Diet rich in tomatoes may lower breast cancer risk
A tomato-rich diet may help protect at-risk postmenopausal women from breast cancer, according to new research in The Endocrine Society's Journal of Clinical Endocrinology & Metabolism.
Breast cancer risk rises in postmenopausal women as their body mass index climbs. The study found eating a diet high in tomatoes had a positive effect on the level of hormones that play a role in regulating fat and sugar metabolism.
“The advantages of eating plenty of tomatoes and tomato-based products, even for a short period, were clearly evident in our findings,” said the study’s first author, Adana Llanos, PhD, MPH, who is an Assistant Professor of Epidemiology at Rutgers University. Llanos completed the research while she was a postdoctoral fellow with Electra Paskett, PhD, at The Ohio State University Comprehensive Cancer Center – Arthur G. James Cancer Hospital and Richard J. Solove Research Institute. “Eating fruits and vegetables, which are rich in essential nutrients, vitamins, minerals and phytochemicals such as lycopene, conveys significant benefits. Based on this data, we believe regular consumption of at least the daily recommended servings of fruits and vegetables would promote breast cancer prevention in an at-risk population.”
The longitudinal cross-over study examined the effects of both tomato-rich and soy-rich diets in a group of 70 postmenopausal women. For 10 weeks, the women ate tomato products containing at least 25 milligrams of lycopene daily. For a separate 10-week period, the participants consumed at least 40 grams of soy protein daily. Before each test period began, the women were instructed to abstain from eating both tomato and soy products for two weeks.
When they followed the tomato-rich diet, participants’ levels of adiponectin – a hormone involved in regulating blood sugar and fat levels – climbed 9 percent. The effect was slightly stronger in women who had a lower body mass index.
“The findings demonstrate the importance of obesity prevention,” Llanos said. “Consuming a diet rich in tomatoes had a larger impact on hormone levels in women who maintained a healthy weight.”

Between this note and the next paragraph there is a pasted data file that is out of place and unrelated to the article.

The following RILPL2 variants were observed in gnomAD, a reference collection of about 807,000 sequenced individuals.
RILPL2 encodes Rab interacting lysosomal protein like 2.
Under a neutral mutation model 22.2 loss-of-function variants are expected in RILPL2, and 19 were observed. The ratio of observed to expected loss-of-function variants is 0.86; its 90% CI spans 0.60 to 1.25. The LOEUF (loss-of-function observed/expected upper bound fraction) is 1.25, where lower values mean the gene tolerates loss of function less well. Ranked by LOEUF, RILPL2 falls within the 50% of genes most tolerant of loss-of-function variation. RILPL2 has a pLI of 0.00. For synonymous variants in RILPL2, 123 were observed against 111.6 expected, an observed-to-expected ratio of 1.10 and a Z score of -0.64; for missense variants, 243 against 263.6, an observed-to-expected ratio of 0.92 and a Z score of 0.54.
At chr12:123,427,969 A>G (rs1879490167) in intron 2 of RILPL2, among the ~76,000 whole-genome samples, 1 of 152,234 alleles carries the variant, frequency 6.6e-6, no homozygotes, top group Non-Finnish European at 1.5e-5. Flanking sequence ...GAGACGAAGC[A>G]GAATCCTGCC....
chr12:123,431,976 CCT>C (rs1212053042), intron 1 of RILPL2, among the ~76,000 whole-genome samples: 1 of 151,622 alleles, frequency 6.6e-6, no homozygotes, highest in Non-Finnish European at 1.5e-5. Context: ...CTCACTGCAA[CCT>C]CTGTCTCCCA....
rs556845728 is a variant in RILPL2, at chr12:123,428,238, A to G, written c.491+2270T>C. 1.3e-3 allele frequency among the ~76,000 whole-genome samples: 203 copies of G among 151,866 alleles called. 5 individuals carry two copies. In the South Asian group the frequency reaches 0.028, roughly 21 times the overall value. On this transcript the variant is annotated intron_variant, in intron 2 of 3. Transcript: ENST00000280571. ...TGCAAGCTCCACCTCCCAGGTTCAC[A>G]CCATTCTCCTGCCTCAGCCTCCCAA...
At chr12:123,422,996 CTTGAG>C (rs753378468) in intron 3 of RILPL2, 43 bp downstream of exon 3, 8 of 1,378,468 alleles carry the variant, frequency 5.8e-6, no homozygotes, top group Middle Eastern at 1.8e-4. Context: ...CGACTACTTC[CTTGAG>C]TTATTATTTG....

The soy diet was linked to a reduction in participants’ adiponectin levels. Researchers originally theorized that a diet containing large amounts of soy could be part of the reason that Asian women have lower rates of breast cancer than women in the United States, but any beneficial effect may be limited to certain ethnic groups, Llanos said.
Eating Tomatoes Lowers the Risk of Stroke
Eating tomatoes and tomato-based foods is associated with a lower risk of stroke, according to new research published in the October 9, 2012, print issue of Neurology®, the medical journal of the American Academy of Neurology. Tomatoes are high in the antioxidant lycopene.
The study found that people with the highest amounts of lycopene in their blood were 55 percent less likely to have a stroke than people with the lowest amounts of lycopene in their blood.
The study involved 1,031 men in Finland between the ages of 46 and 65. The level of lycopene in their blood was tested at the start of the study and they were followed for an average of 12 years. During that time, 67 men had a stroke.
Among the men with the lowest levels of lycopene, 25 of 258 men had a stroke. Among those with the highest levels of lycopene, 11 of 259 men had a stroke. When researchers looked at just strokes due to blood clots, the results were even stronger. Those with the highest levels of lycopene were 59 percent less likely to have a stroke than those with the lowest levels.
"This study adds to the evidence that a diet high in fruits and vegetables is associated with a lower risk of stroke," said study author Jouni Karppi, PhD, of the University of Eastern Finland in Kuopio. "The results support the recommendation that people get more than five servings of fruits and vegetables a day, which would likely lead to a major reduction in the number of strokes worldwide, according to previous research."
The study also looked at blood levels of the antioxidants alpha-carotene, beta-carotene, alpha-tocopherol and retinol, but found no association between the blood levels and risk of stroke.
Health benefits of eating tomatoes